mostly experiments and side projects
NadeemHaidary_TheArtofFood_FransSnyders.jpg

The Food of Art

The Food of Art analyzes twelve still life masterpieces for their nutritional content. Though the piece is humorous, the data is rich and often indicative of the artist’s economic means. For example, compare the court painter Frans Snyders' 39,851 calorie feast to Vincent Van Gogh’s four meager onions.

Published in Data Flow 2 and exhibited at FutureEverything 2011 in Manchester, England.

  Still Life with Fruit, Vegetables and Dead Game Frans Snyders (Flemish)  c.1635-1637

Still Life with Fruit, Vegetables and Dead Game
Frans Snyders (Flemish) 
c.1635-1637

  Still Life with Peaches & Jar  Unknown (Roman)  1st century AD

Still Life with Peaches & Jar
Unknown (Roman) 
1st century AD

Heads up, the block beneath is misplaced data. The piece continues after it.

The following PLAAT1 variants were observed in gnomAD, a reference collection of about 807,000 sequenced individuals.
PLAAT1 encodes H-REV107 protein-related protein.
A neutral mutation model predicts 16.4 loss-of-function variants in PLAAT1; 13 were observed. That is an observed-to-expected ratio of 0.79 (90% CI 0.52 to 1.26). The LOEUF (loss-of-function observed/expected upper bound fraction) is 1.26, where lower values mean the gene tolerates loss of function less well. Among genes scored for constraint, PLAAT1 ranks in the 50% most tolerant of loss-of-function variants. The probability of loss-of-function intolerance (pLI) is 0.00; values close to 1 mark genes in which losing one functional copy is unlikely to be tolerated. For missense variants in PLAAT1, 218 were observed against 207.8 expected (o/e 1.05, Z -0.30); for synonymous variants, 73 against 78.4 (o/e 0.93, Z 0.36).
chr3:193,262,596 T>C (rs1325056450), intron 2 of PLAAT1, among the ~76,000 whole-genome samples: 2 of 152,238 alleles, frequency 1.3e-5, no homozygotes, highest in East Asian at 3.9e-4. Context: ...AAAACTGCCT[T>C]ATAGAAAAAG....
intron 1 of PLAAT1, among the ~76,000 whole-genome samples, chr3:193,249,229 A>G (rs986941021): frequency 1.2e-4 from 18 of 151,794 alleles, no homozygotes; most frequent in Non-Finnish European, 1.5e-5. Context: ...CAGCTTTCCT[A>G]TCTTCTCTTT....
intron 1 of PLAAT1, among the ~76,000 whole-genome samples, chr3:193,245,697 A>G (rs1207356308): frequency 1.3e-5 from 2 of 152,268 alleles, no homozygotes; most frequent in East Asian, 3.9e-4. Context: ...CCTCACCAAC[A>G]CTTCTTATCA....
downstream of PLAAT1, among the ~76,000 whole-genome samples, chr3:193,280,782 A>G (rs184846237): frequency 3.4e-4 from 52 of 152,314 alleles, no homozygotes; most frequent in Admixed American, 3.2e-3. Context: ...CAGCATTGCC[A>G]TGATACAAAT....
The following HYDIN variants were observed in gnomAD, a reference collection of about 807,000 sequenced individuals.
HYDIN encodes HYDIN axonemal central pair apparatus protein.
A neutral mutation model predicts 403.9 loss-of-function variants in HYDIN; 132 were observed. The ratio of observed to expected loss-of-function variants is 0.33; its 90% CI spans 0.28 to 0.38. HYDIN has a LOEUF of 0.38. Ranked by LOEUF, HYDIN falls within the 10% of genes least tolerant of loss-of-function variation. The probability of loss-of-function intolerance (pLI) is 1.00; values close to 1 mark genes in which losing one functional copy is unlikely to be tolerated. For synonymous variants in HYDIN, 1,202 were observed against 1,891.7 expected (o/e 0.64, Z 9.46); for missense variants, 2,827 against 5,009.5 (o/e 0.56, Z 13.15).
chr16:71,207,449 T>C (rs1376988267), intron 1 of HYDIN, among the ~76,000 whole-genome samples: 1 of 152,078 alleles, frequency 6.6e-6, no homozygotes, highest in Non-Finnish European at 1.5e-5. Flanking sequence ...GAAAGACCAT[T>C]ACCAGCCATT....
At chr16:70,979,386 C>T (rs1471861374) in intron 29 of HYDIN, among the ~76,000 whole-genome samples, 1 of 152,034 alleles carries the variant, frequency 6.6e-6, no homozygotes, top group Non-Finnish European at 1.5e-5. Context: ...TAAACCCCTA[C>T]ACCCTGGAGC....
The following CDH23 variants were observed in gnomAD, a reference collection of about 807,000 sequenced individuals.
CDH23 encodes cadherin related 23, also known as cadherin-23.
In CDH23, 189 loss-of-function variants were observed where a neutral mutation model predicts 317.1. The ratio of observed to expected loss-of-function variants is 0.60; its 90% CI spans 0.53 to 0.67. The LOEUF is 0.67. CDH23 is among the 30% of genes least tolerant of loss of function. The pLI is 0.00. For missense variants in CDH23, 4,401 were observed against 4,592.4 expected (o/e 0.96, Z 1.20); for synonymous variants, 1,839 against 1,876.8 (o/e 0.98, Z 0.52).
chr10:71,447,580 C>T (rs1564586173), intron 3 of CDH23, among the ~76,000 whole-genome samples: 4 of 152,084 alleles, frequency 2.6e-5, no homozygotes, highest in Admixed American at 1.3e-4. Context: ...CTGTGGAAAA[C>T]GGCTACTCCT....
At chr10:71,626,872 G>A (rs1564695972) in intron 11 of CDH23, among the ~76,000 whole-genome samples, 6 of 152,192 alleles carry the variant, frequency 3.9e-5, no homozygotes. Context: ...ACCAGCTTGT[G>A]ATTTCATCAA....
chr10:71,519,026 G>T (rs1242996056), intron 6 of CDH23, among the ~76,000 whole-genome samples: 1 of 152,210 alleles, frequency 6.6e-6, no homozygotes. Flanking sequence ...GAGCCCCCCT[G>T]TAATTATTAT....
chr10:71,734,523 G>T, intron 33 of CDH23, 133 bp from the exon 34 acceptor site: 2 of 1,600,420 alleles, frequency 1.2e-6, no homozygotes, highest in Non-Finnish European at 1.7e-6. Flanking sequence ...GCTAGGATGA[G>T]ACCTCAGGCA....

Breakfast Still Life  Willem van Aelst (Dutch)  1671

Breakfast Still Life
Willem van Aelst (Dutch) 
1671

  Still Life with Slice of Salmon  Jean-Baptiste-Siméon Chardin (French)  c.1734

Still Life with Slice of Salmon
Jean-Baptiste-Siméon Chardin (French) 
c.1734

  Still Life with Fruit and Toad  Hermenegildo Bustos (Mexican)  1874

Still Life with Fruit and Toad
Hermenegildo Bustos (Mexican) 
1874

  Still Life: Drawing Board, Pipe, Onions and Sealing Wax  Vincent van Gogh (Dutch)  1889

Still Life: Drawing Board, Pipe, Onions and Sealing Wax
Vincent van Gogh (Dutch) 
1889

  Still Life with Basket of Apples  Paul Cézanne (French)  1890-1894

Still Life with Basket of Apples
Paul Cézanne (French) 
1890-1894

  Still Life with Skate  Chaïm Soutine (Russian)  1923

Still Life with Skate
Chaïm Soutine (Russian) 
1923

  Campbell's Soup Cans  Andy Warhol (American)  1962

Campbell's Soup Cans
Andy Warhol (American) 
1962

  Eggs  William Bailey (American)  1966

Eggs
William Bailey (American) 
1966

  Columbian Still Life  Fernando Botero (Columbian)  1969

Columbian Still Life
Fernando Botero (Columbian) 
1969

  Cubist Still Life  Roy Lichtenstein (American)  1974

Cubist Still Life
Roy Lichtenstein (American) 
1974